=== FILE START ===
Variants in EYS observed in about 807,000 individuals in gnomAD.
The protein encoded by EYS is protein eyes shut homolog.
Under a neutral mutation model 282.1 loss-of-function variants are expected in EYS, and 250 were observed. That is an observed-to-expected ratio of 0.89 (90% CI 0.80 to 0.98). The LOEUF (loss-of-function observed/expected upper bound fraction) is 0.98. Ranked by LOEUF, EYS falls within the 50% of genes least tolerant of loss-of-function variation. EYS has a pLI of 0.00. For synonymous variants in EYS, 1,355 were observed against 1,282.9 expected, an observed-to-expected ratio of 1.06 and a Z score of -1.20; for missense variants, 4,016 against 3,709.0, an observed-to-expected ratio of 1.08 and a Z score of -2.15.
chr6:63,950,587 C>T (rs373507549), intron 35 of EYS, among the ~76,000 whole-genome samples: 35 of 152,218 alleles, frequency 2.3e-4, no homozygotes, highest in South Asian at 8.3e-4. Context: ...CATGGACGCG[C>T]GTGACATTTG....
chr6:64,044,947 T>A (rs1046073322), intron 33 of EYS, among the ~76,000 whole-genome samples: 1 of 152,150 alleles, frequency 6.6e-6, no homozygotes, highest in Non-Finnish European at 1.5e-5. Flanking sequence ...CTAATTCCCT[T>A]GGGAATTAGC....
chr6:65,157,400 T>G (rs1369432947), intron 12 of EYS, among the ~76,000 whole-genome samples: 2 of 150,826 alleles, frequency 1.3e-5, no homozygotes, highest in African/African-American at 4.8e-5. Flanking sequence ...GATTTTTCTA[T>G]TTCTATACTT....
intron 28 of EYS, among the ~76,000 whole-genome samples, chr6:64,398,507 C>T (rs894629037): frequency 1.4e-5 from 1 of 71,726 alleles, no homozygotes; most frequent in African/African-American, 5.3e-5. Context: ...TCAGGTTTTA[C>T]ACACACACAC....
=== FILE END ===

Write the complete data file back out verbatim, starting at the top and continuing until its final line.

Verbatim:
Variants in EYS observed in about 807,000 individuals in gnomAD.
The protein encoded by EYS is protein eyes shut homolog.
Under a neutral mutation model 282.1 loss-of-function variants are expected in EYS, and 250 were observed. That is an observed-to-expected ratio of 0.89 (90% CI 0.80 to 0.98). The LOEUF (loss-of-function observed/expected upper bound fraction) is 0.98. Ranked by LOEUF, EYS falls within the 50% of genes least tolerant of loss-of-function variation. EYS has a pLI of 0.00. For synonymous variants in EYS, 1,355 were observed against 1,282.9 expected, an observed-to-expected ratio of 1.06 and a Z score of -1.20; for missense variants, 4,016 against 3,709.0, an observed-to-expected ratio of 1.08 and a Z score of -2.15.
chr6:63,950,587 C>T (rs373507549), intron 35 of EYS, among the ~76,000 whole-genome samples: 35 of 152,218 alleles, frequency 2.3e-4, no homozygotes, highest in South Asian at 8.3e-4. Context: ...CATGGACGCG[C>T]GTGACATTTG....
chr6:64,044,947 T>A (rs1046073322), intron 33 of EYS, among the ~76,000 whole-genome samples: 1 of 152,150 alleles, frequency 6.6e-6, no homozygotes, highest in Non-Finnish European at 1.5e-5. Flanking sequence ...CTAATTCCCT[T>A]GGGAATTAGC....
chr6:65,157,400 T>G (rs1369432947), intron 12 of EYS, among the ~76,000 whole-genome samples: 2 of 150,826 alleles, frequency 1.3e-5, no homozygotes, highest in African/African-American at 4.8e-5. Flanking sequence ...GATTTTTCTA[T>G]TTCTATACTT....
intron 28 of EYS, among the ~76,000 whole-genome samples, chr6:64,398,507 C>T (rs894629037): frequency 1.4e-5 from 1 of 71,726 alleles, no homozygotes; most frequent in African/African-American, 5.3e-5. Context: ...TCAGGTTTTA[C>T]ACACACACAC....